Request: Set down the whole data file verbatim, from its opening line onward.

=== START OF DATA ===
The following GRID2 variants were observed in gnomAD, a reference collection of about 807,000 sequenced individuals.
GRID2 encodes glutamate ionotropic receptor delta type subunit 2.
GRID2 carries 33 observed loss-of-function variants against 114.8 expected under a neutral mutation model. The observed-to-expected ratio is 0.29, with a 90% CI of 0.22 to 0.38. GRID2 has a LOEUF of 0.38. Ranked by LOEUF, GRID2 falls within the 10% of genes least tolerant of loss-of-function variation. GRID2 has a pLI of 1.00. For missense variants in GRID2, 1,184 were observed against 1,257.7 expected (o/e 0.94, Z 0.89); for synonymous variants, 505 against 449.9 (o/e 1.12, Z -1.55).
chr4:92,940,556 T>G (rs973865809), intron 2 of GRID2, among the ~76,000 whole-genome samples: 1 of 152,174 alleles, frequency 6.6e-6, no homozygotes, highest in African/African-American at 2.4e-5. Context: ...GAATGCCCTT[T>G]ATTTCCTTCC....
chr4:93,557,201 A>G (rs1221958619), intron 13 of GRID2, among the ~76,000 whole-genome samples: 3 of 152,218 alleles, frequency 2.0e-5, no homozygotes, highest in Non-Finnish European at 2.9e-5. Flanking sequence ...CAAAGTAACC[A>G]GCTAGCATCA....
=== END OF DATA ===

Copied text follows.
The following GRID2 variants were observed in gnomAD, a reference collection of about 807,000 sequenced individuals.
GRID2 encodes glutamate ionotropic receptor delta type subunit 2.
GRID2 carries 33 observed loss-of-function variants against 114.8 expected under a neutral mutation model. The observed-to-expected ratio is 0.29, with a 90% CI of 0.22 to 0.38. GRID2 has a LOEUF of 0.38. Ranked by LOEUF, GRID2 falls within the 10% of genes least tolerant of loss-of-function variation. GRID2 has a pLI of 1.00. For missense variants in GRID2, 1,184 were observed against 1,257.7 expected (o/e 0.94, Z 0.89); for synonymous variants, 505 against 449.9 (o/e 1.12, Z -1.55).
chr4:92,940,556 T>G (rs973865809), intron 2 of GRID2, among the ~76,000 whole-genome samples: 1 of 152,174 alleles, frequency 6.6e-6, no homozygotes, highest in African/African-American at 2.4e-5. Context: ...GAATGCCCTT[T>G]ATTTCCTTCC....
chr4:93,557,201 A>G (rs1221958619), intron 13 of GRID2, among the ~76,000 whole-genome samples: 3 of 152,218 alleles, frequency 2.0e-5, no homozygotes, highest in Non-Finnish European at 2.9e-5. Flanking sequence ...CAAAGTAACC[A>G]GCTAGCATCA....